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Re: PostgreSQL performance issues

From: Rusty Conover <rconover(at)infogears(dot)com>
To: Willo van der Merwe <willo(at)studentvillage(dot)co(dot)za>
Cc: pgsql-performance(at)postgresql(dot)org
Subject: Re: PostgreSQL performance issues
Date: 2006-08-29 21:47:17
Message-ID: (view raw, whole thread or download thread mbox)
Lists: pgsql-performance
On Aug 29, 2006, at 7:52 AM, Willo van der Merwe wrote:

> Hi,
> We're running PostgreSQL 8.1.4 on CentOS 4 (Linux version  
> 2.6.9-34.0.1.ELsmp). Hardware specs:
>  2x AMD Dual-Core Opteron 270 Italy 1Ghz HT 2 x 1MB L2 Cache Socket  
> 940
> 4 GB Registered ECC PC3200 DDR RAM
> SuperMicro Server-Class 1U AS1020S series system
> Dual-channel Ultra320 SCSI controller
> 1 x 73 GB 10,000rpm Ultra320 SCSI drive with 8MB cache
> I use it to drive a web application. Everything was working fine  
> when all of a sudden today, things went belly up. Load on the  
> server started increasing and query speeds decreased rapidly. After  
> dropping all the clients I did some quick tests and found the  
> following:
> I have a log table looking like this:
>                            Table "public.log"
>  Column  |            Type             |            Modifiers
> ---------+----------------------------- 
> +---------------------------------
>  site    | bigint                      | not null
>  stamp   | timestamp without time zone | default now()
>  type    | character(8)                | not null default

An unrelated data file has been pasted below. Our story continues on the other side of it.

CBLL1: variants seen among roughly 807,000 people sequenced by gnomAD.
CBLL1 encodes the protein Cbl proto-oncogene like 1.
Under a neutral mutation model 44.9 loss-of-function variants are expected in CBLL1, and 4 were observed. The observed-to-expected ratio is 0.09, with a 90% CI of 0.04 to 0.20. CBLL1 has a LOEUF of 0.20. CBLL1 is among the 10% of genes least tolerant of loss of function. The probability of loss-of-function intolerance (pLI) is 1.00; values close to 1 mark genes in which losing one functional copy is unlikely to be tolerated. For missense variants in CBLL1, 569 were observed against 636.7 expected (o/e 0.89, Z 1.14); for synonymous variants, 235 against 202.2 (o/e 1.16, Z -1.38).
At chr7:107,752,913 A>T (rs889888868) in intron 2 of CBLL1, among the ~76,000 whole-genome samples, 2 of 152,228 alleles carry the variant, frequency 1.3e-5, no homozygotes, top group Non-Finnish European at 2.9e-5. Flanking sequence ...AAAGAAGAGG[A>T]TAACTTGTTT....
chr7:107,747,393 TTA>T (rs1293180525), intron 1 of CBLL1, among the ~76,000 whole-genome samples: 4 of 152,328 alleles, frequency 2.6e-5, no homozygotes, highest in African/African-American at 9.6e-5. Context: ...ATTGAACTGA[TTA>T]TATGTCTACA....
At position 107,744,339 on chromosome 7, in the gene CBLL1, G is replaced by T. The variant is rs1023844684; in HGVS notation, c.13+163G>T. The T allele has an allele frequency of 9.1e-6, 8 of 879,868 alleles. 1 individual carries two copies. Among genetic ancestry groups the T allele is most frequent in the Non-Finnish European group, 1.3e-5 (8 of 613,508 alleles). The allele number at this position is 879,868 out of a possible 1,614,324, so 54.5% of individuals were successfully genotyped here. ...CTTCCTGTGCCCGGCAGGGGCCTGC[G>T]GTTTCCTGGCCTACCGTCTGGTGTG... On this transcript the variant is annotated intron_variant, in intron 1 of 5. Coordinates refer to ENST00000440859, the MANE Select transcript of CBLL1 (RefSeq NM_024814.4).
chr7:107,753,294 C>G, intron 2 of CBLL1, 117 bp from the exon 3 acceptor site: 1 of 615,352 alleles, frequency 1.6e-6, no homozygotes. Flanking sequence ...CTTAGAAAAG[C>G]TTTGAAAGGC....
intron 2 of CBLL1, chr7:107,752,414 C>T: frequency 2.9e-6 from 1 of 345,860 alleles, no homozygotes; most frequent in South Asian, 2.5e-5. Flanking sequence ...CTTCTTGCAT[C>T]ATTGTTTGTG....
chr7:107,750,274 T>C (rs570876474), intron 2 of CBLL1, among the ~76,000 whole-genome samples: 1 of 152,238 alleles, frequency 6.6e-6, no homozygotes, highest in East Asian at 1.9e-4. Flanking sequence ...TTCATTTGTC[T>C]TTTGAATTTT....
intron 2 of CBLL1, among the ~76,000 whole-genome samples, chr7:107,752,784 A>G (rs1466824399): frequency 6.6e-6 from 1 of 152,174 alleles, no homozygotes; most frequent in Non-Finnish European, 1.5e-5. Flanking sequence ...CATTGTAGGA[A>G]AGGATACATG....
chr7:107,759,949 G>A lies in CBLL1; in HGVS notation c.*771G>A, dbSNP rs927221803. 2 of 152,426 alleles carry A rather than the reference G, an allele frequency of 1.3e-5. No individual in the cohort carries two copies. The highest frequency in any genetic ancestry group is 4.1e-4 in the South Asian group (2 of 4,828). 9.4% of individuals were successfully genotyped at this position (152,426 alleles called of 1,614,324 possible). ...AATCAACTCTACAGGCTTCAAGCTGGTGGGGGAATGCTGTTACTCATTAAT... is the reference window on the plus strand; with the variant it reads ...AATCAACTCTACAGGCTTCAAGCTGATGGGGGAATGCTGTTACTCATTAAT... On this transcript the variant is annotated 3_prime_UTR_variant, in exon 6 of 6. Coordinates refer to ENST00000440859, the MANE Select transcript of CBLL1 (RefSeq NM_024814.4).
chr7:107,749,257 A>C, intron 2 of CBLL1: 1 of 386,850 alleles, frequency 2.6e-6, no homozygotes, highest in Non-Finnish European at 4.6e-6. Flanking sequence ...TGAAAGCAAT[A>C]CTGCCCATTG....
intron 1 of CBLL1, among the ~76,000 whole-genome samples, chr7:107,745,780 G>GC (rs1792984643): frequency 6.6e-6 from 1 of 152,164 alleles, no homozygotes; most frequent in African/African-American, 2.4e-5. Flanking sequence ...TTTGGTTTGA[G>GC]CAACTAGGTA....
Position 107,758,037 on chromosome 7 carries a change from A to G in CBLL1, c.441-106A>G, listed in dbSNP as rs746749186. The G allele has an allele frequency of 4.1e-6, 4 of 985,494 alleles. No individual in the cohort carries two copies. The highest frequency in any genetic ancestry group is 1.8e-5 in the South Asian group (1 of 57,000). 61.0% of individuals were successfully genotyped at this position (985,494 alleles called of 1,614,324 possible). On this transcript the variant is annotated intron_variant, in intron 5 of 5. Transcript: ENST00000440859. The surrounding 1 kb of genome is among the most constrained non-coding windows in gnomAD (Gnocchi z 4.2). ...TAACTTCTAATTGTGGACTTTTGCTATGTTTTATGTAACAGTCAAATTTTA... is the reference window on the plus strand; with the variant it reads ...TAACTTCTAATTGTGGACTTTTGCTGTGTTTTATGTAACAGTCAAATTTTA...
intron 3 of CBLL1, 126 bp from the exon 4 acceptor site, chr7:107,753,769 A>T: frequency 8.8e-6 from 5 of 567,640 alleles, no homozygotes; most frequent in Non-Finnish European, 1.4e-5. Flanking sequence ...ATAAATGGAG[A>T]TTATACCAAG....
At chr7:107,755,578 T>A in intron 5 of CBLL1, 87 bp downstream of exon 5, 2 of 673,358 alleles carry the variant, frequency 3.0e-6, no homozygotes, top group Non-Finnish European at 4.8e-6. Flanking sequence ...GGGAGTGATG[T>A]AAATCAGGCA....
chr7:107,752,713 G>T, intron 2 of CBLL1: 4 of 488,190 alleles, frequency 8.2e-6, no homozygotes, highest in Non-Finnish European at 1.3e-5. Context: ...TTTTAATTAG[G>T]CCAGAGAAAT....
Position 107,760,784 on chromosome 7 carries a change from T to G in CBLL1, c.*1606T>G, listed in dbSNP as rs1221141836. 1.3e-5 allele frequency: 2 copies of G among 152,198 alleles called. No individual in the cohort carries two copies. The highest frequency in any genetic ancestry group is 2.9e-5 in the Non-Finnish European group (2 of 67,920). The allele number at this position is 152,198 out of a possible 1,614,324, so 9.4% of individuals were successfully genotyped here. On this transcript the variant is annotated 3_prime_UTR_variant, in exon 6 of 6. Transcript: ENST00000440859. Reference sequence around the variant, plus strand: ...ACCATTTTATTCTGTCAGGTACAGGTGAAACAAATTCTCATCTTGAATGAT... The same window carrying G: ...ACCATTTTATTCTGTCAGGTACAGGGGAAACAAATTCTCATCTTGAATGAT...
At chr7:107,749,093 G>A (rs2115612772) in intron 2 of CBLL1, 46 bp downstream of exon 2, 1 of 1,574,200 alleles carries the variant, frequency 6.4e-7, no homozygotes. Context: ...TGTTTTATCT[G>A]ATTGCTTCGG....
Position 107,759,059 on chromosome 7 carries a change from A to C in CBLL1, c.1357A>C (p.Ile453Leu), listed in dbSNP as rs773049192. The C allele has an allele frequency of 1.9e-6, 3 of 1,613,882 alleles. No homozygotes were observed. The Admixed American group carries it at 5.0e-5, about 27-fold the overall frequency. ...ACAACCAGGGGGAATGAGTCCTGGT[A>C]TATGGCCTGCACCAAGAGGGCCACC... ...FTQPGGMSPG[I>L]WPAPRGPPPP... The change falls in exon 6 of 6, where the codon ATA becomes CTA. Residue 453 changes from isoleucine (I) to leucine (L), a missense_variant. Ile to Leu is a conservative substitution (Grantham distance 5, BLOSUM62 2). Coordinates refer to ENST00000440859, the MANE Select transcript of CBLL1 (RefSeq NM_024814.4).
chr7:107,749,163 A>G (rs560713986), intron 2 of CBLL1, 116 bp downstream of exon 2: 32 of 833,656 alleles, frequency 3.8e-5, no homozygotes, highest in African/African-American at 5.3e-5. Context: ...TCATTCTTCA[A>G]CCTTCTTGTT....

> 'log'::bpchar
>  user    | text                        | not null default  
> 'public'::text
>  message | text                        |
> Indexes:
>     "fki_log_sites" btree (site)
>     "ix_log_stamp" btree (stamp)
>     "ix_log_type" btree ("type")
>     "ix_log_user" btree ("user")
> Foreign-key constraints:
>     "log_sites" FOREIGN KEY (site) REFERENCES sites(id) ON UPDATE  
> and it has 743321 rows and a explain analyze select count(*) from  
> property_values;
>                                                             QUERY PLAN
> ---------------------------------------------------------------------- 
> ------------------------------------------------------------
>  Aggregate  (cost=55121.95..55121.96 rows=1 width=0) (actual  
> time=4557.797..4557.798 rows=1 loops=1)
>    ->  Seq Scan on property_values  (cost=0.00..51848.56  
> rows=1309356 width=0) (actual time=0.026..2581.418 rows=1309498  
> loops=1)
>  Total runtime: 4557.978 ms
> (3 rows)
> 4 1/2 seconds for a count(*) ? This seems a bit rough - is there  
> anything else I can try to optimize my Database? You can imagine  
> that slightly more complex queries goes out the roof.
> Any help appreciated
> Regards
> Willo van der Merwe


What about doing a little bit of normalization?

With 700k rows you could probably gain some improvements by:

* normalizing the type and user columns to integer keys (dropping the  
8 byte overhead for storing the field lengths)
* maybe change the type column so that its a smallint if there is  
just a small range of possible values (emulating a enum type in other  
databases) rather the joining to another table.
* maybe move message (if the majority of the rows are big and not  
null but not big enough to be TOASTed, ergo causing only a small  
number of rows to fit onto a 8k page) out of this table into a  
separate table that is joined only when you need the column's content.

Doing these things would fit more rows onto each page, making the  
scan less intensive by not causing the drive to seek as much.  Of  
course all of these suggestions depend on your workload.


Rusty Conover
InfoGears Inc.

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